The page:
A risk exists when these strategic risk items are not in place: 

• Alignment with the organization’s overall business strategy
• Clarity of expression of anticipated project outcomes
• Presence of metrics to verify the successful completion of each project phase
• Number of or percent of stakeholder participation in projects

6) Change Management Risk

Change management risk attempts to estimate how easily pilots and prototypes could be incorporated into existing systems. This type of risk also addresses how severely a business would potentially be impacted by a system failure.

Risk mitigation strategies can include employee involvement in the project planning process, training and implementation schedules, incentives to use the new system, management leadership, phased implementation, responsive support functions, and outreach communication plan.

A risk exists when these change management risk items are not in place:

• Development of an acceptance plan for new system
• Magnitude and nature of change introduced by system
• Institutionalizing the change risk

7) Human Capital Risk

Human capital risk results from users’ lack of experience with a given technology (i.e., first data warehouse project and first system implementation project).

8) Dependency Risk

Dependency risk deals with risks between a new project and other projects.

9) Cost and Schedule Risk

Cost and schedule risk deals with risks where actual cost is more than the budgeted cost and where the actual schedule is longer than the budgeted schedule.

10) Privacy and Security Risks

Privacy and security risks deal with disclosing sensitive information to unauthorized individuals and unauthorized individuals accessing computer data and information, respectively.

Risk mitigation strategies for privacy risk can include authentication method, controlled-access channels and authorization policies, firewalls, and use of secure electronic delivery channels.

Risk mitigation strategies for security risk include security plan, consistency with standards, authentication method matching the risk level, and use of secure electronic delivery channels.

Risk mitigation strategies for related data and information include use of a data warehouse concept, implementing a backup plan, performing process mapping, and leveraging data-collection efforts.

A risk exists when these security risk items are not in place: 

• Performance of risk assessment
• Implementation of security controls
• Security training and awareness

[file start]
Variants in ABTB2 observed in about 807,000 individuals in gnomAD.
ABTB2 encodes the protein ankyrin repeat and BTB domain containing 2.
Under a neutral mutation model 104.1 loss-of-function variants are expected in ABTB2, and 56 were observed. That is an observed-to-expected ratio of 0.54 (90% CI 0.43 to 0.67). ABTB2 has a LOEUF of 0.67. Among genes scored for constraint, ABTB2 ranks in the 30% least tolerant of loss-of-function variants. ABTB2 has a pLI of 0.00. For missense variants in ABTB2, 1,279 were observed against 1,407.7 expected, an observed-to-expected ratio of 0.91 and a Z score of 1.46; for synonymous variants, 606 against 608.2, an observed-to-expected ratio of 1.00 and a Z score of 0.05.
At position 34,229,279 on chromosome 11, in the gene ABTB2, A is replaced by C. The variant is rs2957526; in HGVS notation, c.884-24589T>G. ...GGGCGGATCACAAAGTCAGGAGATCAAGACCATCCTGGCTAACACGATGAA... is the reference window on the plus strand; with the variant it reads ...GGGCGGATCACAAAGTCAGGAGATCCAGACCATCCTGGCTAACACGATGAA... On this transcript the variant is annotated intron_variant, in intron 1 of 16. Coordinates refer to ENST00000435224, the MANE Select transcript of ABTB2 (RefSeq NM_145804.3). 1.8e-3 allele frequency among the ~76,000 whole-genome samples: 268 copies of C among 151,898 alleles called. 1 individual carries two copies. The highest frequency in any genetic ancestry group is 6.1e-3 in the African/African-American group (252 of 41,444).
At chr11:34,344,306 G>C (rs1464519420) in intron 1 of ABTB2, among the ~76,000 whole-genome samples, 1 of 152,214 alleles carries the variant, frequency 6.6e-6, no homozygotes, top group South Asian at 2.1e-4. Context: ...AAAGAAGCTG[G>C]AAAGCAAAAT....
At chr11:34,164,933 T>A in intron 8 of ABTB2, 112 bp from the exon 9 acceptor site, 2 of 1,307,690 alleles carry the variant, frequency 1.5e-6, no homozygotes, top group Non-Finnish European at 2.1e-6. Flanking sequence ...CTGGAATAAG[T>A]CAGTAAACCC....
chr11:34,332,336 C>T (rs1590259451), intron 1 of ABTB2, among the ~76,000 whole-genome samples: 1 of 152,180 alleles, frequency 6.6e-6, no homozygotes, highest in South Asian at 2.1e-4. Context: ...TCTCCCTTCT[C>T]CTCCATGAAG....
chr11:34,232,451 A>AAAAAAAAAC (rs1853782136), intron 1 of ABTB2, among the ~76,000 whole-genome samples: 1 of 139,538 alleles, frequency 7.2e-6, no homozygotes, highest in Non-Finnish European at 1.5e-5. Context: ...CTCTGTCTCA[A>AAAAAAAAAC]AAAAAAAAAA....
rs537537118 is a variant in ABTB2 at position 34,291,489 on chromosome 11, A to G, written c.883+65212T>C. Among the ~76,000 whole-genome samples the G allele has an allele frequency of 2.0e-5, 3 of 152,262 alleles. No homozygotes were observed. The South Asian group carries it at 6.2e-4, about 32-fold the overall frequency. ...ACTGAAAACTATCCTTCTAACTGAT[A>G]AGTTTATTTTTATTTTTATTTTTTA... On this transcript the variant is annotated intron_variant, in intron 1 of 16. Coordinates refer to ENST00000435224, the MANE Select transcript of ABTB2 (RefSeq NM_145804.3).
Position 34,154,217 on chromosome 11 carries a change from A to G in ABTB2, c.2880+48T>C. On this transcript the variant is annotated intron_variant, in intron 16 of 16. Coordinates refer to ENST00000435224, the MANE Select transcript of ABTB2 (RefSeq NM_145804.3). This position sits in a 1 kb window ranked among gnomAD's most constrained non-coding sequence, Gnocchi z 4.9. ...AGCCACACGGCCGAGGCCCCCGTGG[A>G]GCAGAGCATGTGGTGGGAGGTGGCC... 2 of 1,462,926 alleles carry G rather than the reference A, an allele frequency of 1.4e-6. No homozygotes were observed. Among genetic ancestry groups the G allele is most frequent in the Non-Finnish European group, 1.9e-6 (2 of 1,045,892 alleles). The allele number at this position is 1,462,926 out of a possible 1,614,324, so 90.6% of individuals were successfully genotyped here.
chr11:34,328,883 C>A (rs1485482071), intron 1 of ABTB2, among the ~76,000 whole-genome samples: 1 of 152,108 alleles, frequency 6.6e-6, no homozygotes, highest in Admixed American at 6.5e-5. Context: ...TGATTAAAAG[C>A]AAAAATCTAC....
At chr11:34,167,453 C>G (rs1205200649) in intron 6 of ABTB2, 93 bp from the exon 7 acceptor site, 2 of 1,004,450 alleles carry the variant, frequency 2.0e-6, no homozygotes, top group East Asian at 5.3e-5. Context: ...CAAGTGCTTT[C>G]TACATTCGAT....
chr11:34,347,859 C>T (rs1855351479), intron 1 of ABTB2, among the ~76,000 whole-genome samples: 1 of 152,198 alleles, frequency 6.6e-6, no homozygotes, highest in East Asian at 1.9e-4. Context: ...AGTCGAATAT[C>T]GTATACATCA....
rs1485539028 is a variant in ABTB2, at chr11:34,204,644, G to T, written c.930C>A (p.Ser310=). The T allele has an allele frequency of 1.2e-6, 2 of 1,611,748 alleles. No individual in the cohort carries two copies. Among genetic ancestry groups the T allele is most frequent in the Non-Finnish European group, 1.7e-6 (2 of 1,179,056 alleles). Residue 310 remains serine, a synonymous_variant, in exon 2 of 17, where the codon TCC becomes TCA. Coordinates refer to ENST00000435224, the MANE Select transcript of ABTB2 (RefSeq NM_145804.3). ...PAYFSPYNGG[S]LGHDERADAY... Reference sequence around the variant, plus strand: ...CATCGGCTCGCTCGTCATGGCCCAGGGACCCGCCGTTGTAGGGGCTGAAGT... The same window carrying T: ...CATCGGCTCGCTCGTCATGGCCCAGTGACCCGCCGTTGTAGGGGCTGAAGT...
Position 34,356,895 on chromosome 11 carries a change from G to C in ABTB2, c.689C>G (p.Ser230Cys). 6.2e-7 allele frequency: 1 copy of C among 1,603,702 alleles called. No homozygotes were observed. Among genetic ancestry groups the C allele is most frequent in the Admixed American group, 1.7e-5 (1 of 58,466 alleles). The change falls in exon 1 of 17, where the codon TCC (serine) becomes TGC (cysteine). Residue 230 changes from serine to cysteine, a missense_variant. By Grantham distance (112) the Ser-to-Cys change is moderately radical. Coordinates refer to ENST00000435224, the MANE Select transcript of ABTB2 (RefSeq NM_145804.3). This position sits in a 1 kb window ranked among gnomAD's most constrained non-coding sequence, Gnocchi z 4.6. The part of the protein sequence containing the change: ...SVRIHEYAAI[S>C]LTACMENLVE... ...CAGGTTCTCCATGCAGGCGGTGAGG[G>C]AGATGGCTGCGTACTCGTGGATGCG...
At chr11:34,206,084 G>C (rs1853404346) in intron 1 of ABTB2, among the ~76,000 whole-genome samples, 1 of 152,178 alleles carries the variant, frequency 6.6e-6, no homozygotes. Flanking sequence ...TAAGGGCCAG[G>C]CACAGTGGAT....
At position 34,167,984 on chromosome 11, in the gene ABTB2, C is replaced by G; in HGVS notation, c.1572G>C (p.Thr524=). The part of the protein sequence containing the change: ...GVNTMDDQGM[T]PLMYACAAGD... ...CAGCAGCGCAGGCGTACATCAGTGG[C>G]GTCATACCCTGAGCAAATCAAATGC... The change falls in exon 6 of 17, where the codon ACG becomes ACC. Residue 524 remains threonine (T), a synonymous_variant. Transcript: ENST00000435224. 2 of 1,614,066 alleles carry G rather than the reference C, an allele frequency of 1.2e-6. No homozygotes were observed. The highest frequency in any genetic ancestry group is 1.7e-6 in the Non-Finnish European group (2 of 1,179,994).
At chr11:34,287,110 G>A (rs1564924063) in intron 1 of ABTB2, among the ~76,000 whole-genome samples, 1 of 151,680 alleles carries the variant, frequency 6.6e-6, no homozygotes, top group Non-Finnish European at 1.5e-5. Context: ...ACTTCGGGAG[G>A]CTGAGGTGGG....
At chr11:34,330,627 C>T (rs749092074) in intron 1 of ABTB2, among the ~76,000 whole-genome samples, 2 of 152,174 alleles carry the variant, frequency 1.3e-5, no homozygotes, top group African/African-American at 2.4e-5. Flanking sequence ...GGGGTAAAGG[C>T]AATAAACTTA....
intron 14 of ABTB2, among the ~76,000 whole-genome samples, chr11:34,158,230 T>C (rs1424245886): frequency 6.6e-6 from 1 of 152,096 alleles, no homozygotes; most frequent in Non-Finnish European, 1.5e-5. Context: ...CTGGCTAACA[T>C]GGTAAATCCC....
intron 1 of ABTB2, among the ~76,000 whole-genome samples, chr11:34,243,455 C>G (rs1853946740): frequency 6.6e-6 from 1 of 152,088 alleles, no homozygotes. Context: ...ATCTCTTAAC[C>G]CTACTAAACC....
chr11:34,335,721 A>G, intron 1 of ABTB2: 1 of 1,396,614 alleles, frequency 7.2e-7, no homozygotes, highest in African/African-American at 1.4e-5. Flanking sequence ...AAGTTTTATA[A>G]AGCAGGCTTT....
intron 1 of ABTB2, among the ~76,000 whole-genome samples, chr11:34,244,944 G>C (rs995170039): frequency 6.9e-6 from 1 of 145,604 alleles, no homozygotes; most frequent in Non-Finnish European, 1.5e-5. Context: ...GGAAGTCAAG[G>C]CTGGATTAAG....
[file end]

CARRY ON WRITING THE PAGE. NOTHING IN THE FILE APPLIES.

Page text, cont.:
• Contingency planning and disaster recovery
• Compliance with security policy

[Optional] What is Risk Management on Projects?
risk management plan should be developed that includes information on the types, probability, and impact of risks pertinent to the project.

This plan should also include the risk that the funding request will not be approved or not approved in its entirety and plans for how to treat and manage the risk, including how to respond to lower funding.

Furthermore, risk can be accommodated by requesting a higher return for projects determined to be of higher risk.

Also, risk analysis estimates of the probability that an investment project will fail and the impact this would have on the business can be subtracted from the expected benefits to adjust the return on investment (ROI) or net present value (NPV) calculations to reflect risk.

Sophisticated risk assessment methodologies such as probabilistic simulation can be used to estimate ranges for total annual cash flows and other key variables. Probability distributions can then be assigned to the outcomes for each of the variables.
Example of a Risk Scale and Risk-Adjusted Cost and Value

An organization has established the following risk scale consisting of risk levels (High, Medium, and Low) and associated probabilities along with cost and benefit (value) impacts for the risk factor “failure to maintain project schedule”.
Note that cost impacts and benefit impacts have opposite signs because the cost impact causes the costs to increase and the benefit impact causes the benefits to decrease.

Management has estimated the expected cost to be $10,000 with medium probability and high cost impact. It has also estimated the expected value score as 90 with medium probability and medium benefit impact.

[Optional] 10 Golden Rules of Project Risk Management
Jim Rohn Sứ mệnh khởi nghiệp